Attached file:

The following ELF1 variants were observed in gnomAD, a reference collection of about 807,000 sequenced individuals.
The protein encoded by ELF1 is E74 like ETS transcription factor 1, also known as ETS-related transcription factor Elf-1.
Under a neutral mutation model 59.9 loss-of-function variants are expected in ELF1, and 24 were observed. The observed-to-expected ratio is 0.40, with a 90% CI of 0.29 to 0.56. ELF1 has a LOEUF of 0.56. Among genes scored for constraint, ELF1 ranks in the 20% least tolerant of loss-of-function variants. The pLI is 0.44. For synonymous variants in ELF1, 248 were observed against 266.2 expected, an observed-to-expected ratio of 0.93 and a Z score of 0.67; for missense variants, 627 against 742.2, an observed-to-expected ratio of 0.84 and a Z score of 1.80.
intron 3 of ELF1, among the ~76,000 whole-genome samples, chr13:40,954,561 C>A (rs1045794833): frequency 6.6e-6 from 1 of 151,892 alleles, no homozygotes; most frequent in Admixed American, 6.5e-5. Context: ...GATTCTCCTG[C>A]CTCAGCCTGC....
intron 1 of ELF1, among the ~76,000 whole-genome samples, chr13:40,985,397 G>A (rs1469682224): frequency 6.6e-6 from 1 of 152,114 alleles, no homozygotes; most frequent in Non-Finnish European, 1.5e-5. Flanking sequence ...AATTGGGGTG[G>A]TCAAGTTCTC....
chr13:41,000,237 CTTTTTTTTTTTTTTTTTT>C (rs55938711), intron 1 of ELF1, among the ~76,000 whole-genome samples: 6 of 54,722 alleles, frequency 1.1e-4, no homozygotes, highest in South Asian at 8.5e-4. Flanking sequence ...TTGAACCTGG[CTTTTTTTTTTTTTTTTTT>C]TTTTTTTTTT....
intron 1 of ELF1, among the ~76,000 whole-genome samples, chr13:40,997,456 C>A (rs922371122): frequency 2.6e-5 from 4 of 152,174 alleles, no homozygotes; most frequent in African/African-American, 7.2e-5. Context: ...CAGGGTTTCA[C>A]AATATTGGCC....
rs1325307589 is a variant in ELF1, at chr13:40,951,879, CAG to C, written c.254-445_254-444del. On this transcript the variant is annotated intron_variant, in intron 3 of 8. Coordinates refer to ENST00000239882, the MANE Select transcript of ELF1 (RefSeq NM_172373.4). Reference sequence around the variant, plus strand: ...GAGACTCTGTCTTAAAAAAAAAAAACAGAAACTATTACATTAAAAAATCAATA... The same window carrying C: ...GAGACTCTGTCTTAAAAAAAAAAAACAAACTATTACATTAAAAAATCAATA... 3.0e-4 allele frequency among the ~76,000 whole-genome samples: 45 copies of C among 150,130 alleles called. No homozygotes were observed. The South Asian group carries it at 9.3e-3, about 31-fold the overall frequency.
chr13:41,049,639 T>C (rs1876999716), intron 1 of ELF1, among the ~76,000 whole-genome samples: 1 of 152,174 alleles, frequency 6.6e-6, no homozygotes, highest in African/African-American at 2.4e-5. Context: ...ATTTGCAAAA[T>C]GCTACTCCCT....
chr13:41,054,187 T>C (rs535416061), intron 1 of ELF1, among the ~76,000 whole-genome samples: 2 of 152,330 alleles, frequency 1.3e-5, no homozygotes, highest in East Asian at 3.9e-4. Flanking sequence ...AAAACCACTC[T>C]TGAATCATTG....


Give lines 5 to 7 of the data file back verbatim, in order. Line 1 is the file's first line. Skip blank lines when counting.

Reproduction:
intron 1 of ELF1, among the ~76,000 whole-genome samples, chr13:40,985,397 G>A (rs1469682224): frequency 6.6e-6 from 1 of 152,114 alleles, no homozygotes; most frequent in Non-Finnish European, 1.5e-5. Flanking sequence ...AATTGGGGTG[G>A]TCAAGTTCTC....
chr13:41,000,237 CTTTTTTTTTTTTTTTTTT>C (rs55938711), intron 1 of ELF1, among the ~76,000 whole-genome samples: 6 of 54,722 alleles, frequency 1.1e-4, no homozygotes, highest in South Asian at 8.5e-4. Flanking sequence ...TTGAACCTGG[CTTTTTTTTTTTTTTTTTT>C]TTTTTTTTTT....
intron 1 of ELF1, among the ~76,000 whole-genome samples, chr13:40,997,456 C>A (rs922371122): frequency 2.6e-5 from 4 of 152,174 alleles, no homozygotes; most frequent in African/African-American, 7.2e-5. Context: ...CAGGGTTTCA[C>A]AATATTGGCC....